As part of its special China Up Close program, the Australian Centre for the Moving Image (ACMI) is delighted to present Epic Intimacy: The Cinema of Zhang Yimou & Gong Li – a season that celebrates the enduring legacy of the award winning director and his cinematic muse, screening from 6 – 15 March 2015.
Spanning more than three decades, the filmmaking partnership between Zhang Yimou and Gong Li has produced some of mainland China’s most striking imagery and arresting tales. Commenting on the season, ACMI Senior Film Programmer, Kristy Matheson said ACMI was delighted to honour one of cinema’s most dynamic duos.
“Yimou first cast an unknown drama student, Gong Li in his directorial debut, Red Sorghum (1987). From there, a rich artistic collaboration ensued, including Raise the Red Lantern (1991) and The Curse of the Golden Flower (2006). For their latest film, Coming Home (2014), the pair returns for one of the year’s most anticipated releases.”
A stirring drama about a family torn apart by the Cultural Revolution, Coming Home (Gui lai) (2014) was adapted for the screen by Zou Jingzhi (The Grandmaster and Riding Alone for Thousands of Miles). The lives of an aspiring ballet dancer Dandan (Zhang Huiwen) and her school teacher mother Feng Wanyu (Gong Li) are upended when they learn that the family patriarch, Lu Yanshi (Chen Daoming) has escaped the government re-education camp.
Born in 1951, Yimou experienced the revolution first hand. Like many children of educated parents, his life changed when he was sent to the country to work in agricultural and industrial jobs. For his latest film, Yimou explores this monumental aspect of national culture through the eyes of everyday citizens.
In Coming Home, Yimou elicits another fine performance from Gong Li whose portrayal of a woman who has lost everything is extremely moving. “A lot of this film is very much about Gong Li and Yimou,” said Producer Zhang Zhao. “Coming back together as actress and film director, they are such a legendary couple of the Chinese screen. It’s a great thing.” According to Variety Magazine, “filmmaking doesn’t get more traditional or timeless than Chinese master Zhang Yimou’s Coming Home.”
Epic Intimacy: The Cinema of Zhang Yimou & Gong Li charts the range and depth of Yimou and Li’s filmmaking partnership from 1987 to today. With the exception of the latest film, Coming Home, the entirety of the season will be presented on 35mm film with a number of local and imported prints including Raise the Red Lantern, which will be coming to ACMI from the Academy Film Archive.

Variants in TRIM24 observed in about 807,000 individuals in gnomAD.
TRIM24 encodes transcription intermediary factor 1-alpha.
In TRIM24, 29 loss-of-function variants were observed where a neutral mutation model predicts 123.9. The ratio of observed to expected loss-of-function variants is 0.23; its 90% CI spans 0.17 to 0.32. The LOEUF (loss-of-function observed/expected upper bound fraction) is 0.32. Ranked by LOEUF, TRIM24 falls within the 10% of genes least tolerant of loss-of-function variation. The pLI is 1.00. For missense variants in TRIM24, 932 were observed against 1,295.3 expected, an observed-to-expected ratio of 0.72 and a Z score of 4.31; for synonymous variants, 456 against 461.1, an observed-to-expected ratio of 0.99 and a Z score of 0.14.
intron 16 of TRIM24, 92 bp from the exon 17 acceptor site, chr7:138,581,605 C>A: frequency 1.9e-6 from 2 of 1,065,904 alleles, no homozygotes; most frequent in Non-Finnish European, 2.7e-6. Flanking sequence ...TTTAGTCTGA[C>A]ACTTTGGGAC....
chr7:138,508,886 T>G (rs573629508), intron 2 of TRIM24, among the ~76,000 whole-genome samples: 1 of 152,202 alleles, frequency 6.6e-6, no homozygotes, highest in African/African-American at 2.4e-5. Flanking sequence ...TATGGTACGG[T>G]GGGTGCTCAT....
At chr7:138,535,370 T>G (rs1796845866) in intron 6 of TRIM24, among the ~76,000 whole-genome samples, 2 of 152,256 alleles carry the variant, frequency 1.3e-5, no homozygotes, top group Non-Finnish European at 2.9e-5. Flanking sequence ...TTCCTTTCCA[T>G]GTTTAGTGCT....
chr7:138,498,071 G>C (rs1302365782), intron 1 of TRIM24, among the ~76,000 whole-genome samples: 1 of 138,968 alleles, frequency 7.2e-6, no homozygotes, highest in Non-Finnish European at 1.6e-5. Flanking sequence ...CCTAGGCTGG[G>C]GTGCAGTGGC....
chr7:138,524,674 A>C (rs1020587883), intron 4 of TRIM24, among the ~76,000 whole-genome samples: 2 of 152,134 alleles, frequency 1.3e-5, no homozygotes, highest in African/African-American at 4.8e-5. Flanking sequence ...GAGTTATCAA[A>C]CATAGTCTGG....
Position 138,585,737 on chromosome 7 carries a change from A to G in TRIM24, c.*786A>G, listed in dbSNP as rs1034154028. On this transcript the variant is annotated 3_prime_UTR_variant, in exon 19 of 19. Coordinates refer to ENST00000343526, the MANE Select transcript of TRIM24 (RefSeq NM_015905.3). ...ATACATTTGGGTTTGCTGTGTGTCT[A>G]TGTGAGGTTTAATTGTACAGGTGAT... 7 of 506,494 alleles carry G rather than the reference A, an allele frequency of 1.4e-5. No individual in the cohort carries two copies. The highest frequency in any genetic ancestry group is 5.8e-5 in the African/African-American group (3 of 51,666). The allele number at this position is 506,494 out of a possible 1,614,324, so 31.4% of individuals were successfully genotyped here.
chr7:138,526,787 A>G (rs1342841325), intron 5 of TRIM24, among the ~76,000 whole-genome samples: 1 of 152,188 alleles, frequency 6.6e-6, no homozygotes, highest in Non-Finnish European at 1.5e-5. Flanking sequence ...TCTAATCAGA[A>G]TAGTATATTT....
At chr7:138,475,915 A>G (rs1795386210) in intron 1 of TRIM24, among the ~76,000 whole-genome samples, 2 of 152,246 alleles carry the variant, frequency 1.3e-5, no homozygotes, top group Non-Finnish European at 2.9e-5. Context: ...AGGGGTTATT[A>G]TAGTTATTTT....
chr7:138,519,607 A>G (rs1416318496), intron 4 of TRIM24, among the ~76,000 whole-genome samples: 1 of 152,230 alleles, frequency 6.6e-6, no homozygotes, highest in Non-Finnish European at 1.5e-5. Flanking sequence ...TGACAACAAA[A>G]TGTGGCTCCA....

Films in the season include:
Yimou’s Tang dynasty epic, The Curse of the Golden Flower (Man cheng jin dai huang jin jia) (2006) is a film of dazzling beauty and scale that boasts an all-star cast including Chow Yun-Fat, Jay Chou and Ye Liu. Gong Li’s portrayal of Empress Phoenix sits at the epicentre of the film. Bold, fearsome and enchanting, she was awarded Best Actress at the 2007 Hong Kong Film Awards.
In Shanghai Triad (Yao o yao, yao dao wai po qiao) (1995), Gong Li stars as a brassy nightclub singer in Yimou’s 1930s screen adaption of Li Xiao’s popular novel, Gang Law. All the glamour and excess of 1930s Shanghai bursts onto the screen in this intricately staged and sumptuously photographed film that was nominated for Best Cinematography at the 1996 Academy Awards® and won the Technical Grand Prize at the 1995 Cannes Film Festival.
Based on Yu Hua’s novel of the same name, To Live (Huo zhe) (1994) tells the story of a noble family who lose their fortune and are swept away by the social-political change that surged through China, firstly with the Civil War and then the Cultural Revolution. Yimou’s epic family drama that spans four decades earned him numerous international accolades including Best Foreign Language Film at BAFTA, the Grand Jury Prize and Best Actor at the 1994 Cannes Film Festival.
Gong Li shines in The Story of Qiu Ju (Qiu Ju da guan si) (1992) as Qiu Ju, a woman of irresistible force in her quest for justice. Winner of Best Film and Best Actress at the 1992 Venice Film Festival, The Story of Qiu Ju marked a significant departure for Yimou who set the action in contemporary China and cast a spotlight on a peasant lead, rather than a noble hero. The film foregoes the director’s overt visual beauty and strips Gong Li of her signature glamour; though it is still imbued with a vitality and comedic charm that demonstrates both Yimou’s and Li’s versatility.
Set in the 1920s, Raise the Red Lantern (Da hong deng long gao gao gua) (1991) is Yimou’s sumptuous drama about the life of a young concubine. Winner of numerous international awards including the 1991 Venice Film Festival Silver Lion for Best Director and the 1992 New York Film Critics Award for Best Foreign Language Film, Raise the Red Lanternmarked Yimou’s second Academy Award® nomination.
Ju Dou (1990) sees the beautiful title character, Ju Dou (Gong Li) married off to Yang Jin-shan (Li Wei), a cruel and tyrannical owner of a rural silk-dying factory. Selected for the Official Competition at the 1990s Cannes Film Festival, Ju Dou was also the first mainland Chinese film to be nominated for an Academy Award®.
Based on the novel by Novel laureate Mo Yan, Red Sorghum (Hong gao liang) (1987) is set in the northern province of Shandong in the late 1920s. It opens with Little Nine (Gong Li) being transported across the arid plains to greet a wealthy wine-maker to whom she been bequeathed in exchange for a mule. Winner of the Golden Bear at the 1998 Berlin Film Festival, Yimou’s debut film showcased the full force of his talents as a cinematic craftsman and immediately solidified his place, and that of his muse, in world cinema.
Epic Intimacy: The Cinema of Zhang Yimou & Gong Li
Friday 6 March 2015 – Sunday 15 March 2015
Australian Centre for the Moving Image, Melbourne